One crucial passage represents a concise expression of Clausewitz’s holistic framework and enables us to determine the place context assumes in it. He states that: ‘The aims a belligerent adopts, and the resources he employs, must be governed by the particular characteristics of his own position [secondary level]; but they will also conform to the spirit of the age and to its general character [context]. Finally, they must always be governed by the general conclusions to be drawn from the nature of war itself [primary level].’

The secondary trinity – of people, army and government – is intended as a means of capturing the manifestation of the three primary forces in relation to particular wars: an ‘operationalization’ of the trinity. It is clear that Clausewitz utilizes this trinity as an illustrative device to instantiate the more ephemeral primary forces. Whatever the complexity of any war, analogues of the secondary trinity will be apparent. The secondary trinity can manifest itself in many potential forms, but war cannot make sense without some grasp of the groups that conduct it. Bassford convincingly argues that more inclusive terms can help avoid misinterpretations. He suggests that ‘leadership’; ‘fighters’ and ‘popular base’ may be more appropriate. The secondary level does not present a rigid sociological description of war in reality: as war’s contexts change, so too will it.

The trinity as a unity

Crucially, the trinity has to be conceived of as a unity – as an indivisible and integrative whole – in so far as none of the primary tendencies make sense in isolation and none is a priori more important than the others. As Clausewitz’s final synthesis, the trinity is intended to convey the inextricable interaction of the central forces operating in war. Moreover, this unity – of three things in one – is not of a static nature, but one that is constantly morphing, displaying dynamism and constant change. Clausewitz employs the nonlinear scientific metaphor of a weight suspended over three magnets to convey the sense in which war charts a complex, unpredictable and random course between these three points of attraction.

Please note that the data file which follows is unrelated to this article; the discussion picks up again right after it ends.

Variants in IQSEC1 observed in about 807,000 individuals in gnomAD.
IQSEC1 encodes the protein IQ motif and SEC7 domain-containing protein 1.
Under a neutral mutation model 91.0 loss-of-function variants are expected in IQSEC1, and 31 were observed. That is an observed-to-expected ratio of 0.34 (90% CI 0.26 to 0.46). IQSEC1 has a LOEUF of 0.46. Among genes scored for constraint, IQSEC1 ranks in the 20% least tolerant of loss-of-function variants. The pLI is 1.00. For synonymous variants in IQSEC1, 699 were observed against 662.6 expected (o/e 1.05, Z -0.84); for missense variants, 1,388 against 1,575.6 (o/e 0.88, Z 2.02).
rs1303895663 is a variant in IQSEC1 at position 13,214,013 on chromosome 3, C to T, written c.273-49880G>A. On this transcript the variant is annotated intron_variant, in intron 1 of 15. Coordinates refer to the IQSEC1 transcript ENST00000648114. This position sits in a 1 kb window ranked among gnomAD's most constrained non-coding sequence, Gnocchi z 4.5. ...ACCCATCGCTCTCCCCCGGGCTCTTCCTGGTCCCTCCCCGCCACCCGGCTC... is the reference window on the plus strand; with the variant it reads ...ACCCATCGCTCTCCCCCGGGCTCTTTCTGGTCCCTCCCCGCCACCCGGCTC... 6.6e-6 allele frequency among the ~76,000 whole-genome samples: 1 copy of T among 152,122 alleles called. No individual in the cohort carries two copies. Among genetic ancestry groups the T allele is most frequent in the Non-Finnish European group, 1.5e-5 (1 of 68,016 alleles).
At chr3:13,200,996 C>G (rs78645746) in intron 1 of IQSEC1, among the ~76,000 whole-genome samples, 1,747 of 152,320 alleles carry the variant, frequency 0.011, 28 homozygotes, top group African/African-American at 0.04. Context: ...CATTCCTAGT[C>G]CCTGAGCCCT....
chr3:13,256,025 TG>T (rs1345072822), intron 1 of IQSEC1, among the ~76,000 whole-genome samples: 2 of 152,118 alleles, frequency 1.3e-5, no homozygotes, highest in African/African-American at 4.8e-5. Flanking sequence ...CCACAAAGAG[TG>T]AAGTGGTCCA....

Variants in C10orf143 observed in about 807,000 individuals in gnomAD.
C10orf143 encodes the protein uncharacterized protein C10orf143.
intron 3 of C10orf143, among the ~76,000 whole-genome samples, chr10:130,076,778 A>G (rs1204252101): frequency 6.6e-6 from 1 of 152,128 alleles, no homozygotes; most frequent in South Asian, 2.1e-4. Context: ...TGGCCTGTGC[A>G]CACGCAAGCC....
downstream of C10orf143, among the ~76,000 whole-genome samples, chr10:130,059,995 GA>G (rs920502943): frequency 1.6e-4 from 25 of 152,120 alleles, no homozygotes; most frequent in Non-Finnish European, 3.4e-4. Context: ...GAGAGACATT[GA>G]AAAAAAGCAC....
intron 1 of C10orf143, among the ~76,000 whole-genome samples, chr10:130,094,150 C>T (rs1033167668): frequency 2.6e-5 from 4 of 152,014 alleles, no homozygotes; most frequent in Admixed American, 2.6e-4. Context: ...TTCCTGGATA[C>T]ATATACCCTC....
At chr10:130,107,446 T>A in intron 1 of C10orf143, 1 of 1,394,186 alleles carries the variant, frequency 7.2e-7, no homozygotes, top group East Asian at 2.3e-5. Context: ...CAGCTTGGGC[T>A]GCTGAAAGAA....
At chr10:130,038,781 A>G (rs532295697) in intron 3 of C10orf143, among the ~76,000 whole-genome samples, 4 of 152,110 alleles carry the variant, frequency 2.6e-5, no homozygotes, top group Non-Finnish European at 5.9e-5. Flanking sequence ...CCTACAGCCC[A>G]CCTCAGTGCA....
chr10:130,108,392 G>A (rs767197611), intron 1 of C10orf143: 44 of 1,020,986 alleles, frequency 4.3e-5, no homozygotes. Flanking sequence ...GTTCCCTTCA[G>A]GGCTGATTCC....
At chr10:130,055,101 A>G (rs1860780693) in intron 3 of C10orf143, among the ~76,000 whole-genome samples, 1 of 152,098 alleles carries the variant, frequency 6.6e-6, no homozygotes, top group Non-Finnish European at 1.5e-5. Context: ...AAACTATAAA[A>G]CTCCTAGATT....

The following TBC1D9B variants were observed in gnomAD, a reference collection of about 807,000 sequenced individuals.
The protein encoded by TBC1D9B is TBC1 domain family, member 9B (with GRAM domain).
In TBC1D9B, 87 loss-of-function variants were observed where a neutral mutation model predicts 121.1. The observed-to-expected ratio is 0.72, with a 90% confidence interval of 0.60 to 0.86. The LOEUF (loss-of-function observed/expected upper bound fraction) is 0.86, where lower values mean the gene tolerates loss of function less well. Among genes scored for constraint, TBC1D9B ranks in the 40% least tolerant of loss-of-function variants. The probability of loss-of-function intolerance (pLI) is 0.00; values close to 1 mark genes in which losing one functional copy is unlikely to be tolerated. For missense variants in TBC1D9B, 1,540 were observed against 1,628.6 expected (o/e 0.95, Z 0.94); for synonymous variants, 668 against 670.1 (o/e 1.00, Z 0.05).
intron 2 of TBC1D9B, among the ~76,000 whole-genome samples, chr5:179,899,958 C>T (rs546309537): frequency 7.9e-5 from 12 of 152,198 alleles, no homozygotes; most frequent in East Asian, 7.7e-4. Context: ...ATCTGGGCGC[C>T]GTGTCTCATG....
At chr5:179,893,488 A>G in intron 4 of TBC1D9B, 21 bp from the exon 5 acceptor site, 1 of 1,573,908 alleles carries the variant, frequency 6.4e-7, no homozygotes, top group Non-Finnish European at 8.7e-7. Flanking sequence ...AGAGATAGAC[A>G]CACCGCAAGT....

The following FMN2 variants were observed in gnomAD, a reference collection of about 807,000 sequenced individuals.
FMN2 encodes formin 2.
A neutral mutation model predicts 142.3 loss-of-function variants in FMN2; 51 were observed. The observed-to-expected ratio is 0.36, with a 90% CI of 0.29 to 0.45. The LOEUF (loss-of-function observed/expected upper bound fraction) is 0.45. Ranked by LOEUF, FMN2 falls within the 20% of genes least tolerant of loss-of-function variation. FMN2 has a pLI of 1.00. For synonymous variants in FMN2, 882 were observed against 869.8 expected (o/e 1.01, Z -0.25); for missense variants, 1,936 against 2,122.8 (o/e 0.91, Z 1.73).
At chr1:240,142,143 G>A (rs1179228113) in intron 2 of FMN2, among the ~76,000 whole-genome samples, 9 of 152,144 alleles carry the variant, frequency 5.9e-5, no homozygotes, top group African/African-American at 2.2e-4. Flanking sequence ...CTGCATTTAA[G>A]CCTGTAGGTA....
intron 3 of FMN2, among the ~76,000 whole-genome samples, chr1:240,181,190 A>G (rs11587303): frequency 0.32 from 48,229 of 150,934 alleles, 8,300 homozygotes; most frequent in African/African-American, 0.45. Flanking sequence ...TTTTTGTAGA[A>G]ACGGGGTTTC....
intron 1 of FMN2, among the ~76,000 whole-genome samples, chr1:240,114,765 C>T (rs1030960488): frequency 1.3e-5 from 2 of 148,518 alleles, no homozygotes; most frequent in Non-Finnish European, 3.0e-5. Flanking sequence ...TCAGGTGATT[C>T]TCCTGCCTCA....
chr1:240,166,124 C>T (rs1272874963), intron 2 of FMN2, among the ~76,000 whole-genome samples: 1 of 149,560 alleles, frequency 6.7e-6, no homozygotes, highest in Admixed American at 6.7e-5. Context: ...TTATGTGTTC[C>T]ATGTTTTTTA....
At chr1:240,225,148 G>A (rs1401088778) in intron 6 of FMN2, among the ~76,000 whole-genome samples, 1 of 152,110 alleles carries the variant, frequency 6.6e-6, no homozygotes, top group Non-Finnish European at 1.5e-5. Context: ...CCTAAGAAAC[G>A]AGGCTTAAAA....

As soon as one delves deeper into the separate elements of the trinity it becomes immediately apparent that any strict delineation between them is necessarily arbitrary and insufficient. Just as no human can be neatly compartmentalised into rational, creative and emotional sides, nor can war be so divided. The trinity is an incredible simplification of reality, yet a necessary one for understanding a phenomenon that could so easily escape the bounds of human mental capacity.

As a number of commentators have noted, there are many topics Clausewitz ostensibly omits. On War is short on technology, economics, law or naval matters. Yet, equally of course, Clausewitz says nothing about air combat, nuclear weapons or cyber-warfare. This remind us that he could not have written about everything to do with war, nor was that his intention. The trinity establishes a framework of underlying essentials and is designed to be flexible enough to accommodate fundamental change in war’s subjective manifestations in the concrete case, as shaped by the continual interplay of changing conditions, while remaining firmly anchored to the fundamental forces that drive and shape all forms of conflict.

For any of those forces to be absent, war must necessarily become something else, for these elements are integral to its nature. They radically alter in their expression, relative influence and relationship to one another from one war to the next and within the same war; at times certain elements may dominate, while others are pushed into the shade. Nevertheless, a theory that ignored any one of them ‘would conflict with reality to such an extent that for this reason alone it would be totally useless.’ Even for commanders who believe war can be approached as an autonomous activity, it can never, in reality, be isolated from its political context. No matter how technologically advanced the armed force, there are too many contingent factors for chance to be truly banished. War is fought by humans and where violence enters into social relations, passions are inevitably stirred.

Dr Tom Waldman is Research Fellow at the University of York. He is author of War, Clausewitz and the Trinity (Ashgate, 2013).

Follow Tom on Twitter @tom_waldman